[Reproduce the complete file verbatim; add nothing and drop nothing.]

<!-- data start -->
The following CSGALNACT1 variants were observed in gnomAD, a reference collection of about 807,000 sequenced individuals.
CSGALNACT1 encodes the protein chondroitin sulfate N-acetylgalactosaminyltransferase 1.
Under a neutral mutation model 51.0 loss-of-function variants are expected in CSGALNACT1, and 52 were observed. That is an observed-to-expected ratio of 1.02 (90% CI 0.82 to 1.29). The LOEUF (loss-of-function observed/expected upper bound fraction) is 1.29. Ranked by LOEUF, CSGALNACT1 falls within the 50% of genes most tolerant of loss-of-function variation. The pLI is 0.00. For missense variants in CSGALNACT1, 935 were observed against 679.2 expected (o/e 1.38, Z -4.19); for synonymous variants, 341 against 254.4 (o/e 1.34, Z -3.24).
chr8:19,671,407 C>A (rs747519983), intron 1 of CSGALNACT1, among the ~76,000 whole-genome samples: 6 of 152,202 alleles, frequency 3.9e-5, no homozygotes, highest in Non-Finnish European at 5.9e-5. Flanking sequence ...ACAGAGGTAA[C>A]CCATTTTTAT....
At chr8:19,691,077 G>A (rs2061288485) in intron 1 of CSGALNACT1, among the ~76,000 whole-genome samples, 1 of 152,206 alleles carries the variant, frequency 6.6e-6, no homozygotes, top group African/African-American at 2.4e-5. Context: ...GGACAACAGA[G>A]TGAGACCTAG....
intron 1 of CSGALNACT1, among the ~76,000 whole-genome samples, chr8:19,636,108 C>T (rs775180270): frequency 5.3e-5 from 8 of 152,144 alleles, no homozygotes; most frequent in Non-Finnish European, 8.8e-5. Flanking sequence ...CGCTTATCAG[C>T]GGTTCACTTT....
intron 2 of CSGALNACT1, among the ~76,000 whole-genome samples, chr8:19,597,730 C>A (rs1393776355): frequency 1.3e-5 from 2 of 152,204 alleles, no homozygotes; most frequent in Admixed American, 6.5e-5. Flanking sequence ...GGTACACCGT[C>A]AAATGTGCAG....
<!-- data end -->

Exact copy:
The following CSGALNACT1 variants were observed in gnomAD, a reference collection of about 807,000 sequenced individuals.
CSGALNACT1 encodes the protein chondroitin sulfate N-acetylgalactosaminyltransferase 1.
Under a neutral mutation model 51.0 loss-of-function variants are expected in CSGALNACT1, and 52 were observed. That is an observed-to-expected ratio of 1.02 (90% CI 0.82 to 1.29). The LOEUF (loss-of-function observed/expected upper bound fraction) is 1.29. Ranked by LOEUF, CSGALNACT1 falls within the 50% of genes most tolerant of loss-of-function variation. The pLI is 0.00. For missense variants in CSGALNACT1, 935 were observed against 679.2 expected (o/e 1.38, Z -4.19); for synonymous variants, 341 against 254.4 (o/e 1.34, Z -3.24).
chr8:19,671,407 C>A (rs747519983), intron 1 of CSGALNACT1, among the ~76,000 whole-genome samples: 6 of 152,202 alleles, frequency 3.9e-5, no homozygotes, highest in Non-Finnish European at 5.9e-5. Flanking sequence ...ACAGAGGTAA[C>A]CCATTTTTAT....
At chr8:19,691,077 G>A (rs2061288485) in intron 1 of CSGALNACT1, among the ~76,000 whole-genome samples, 1 of 152,206 alleles carries the variant, frequency 6.6e-6, no homozygotes, top group African/African-American at 2.4e-5. Context: ...GGACAACAGA[G>A]TGAGACCTAG....
intron 1 of CSGALNACT1, among the ~76,000 whole-genome samples, chr8:19,636,108 C>T (rs775180270): frequency 5.3e-5 from 8 of 152,144 alleles, no homozygotes; most frequent in Non-Finnish European, 8.8e-5. Flanking sequence ...CGCTTATCAG[C>T]GGTTCACTTT....
intron 2 of CSGALNACT1, among the ~76,000 whole-genome samples, chr8:19,597,730 C>A (rs1393776355): frequency 1.3e-5 from 2 of 152,204 alleles, no homozygotes; most frequent in Admixed American, 6.5e-5. Flanking sequence ...GGTACACCGT[C>A]AAATGTGCAG....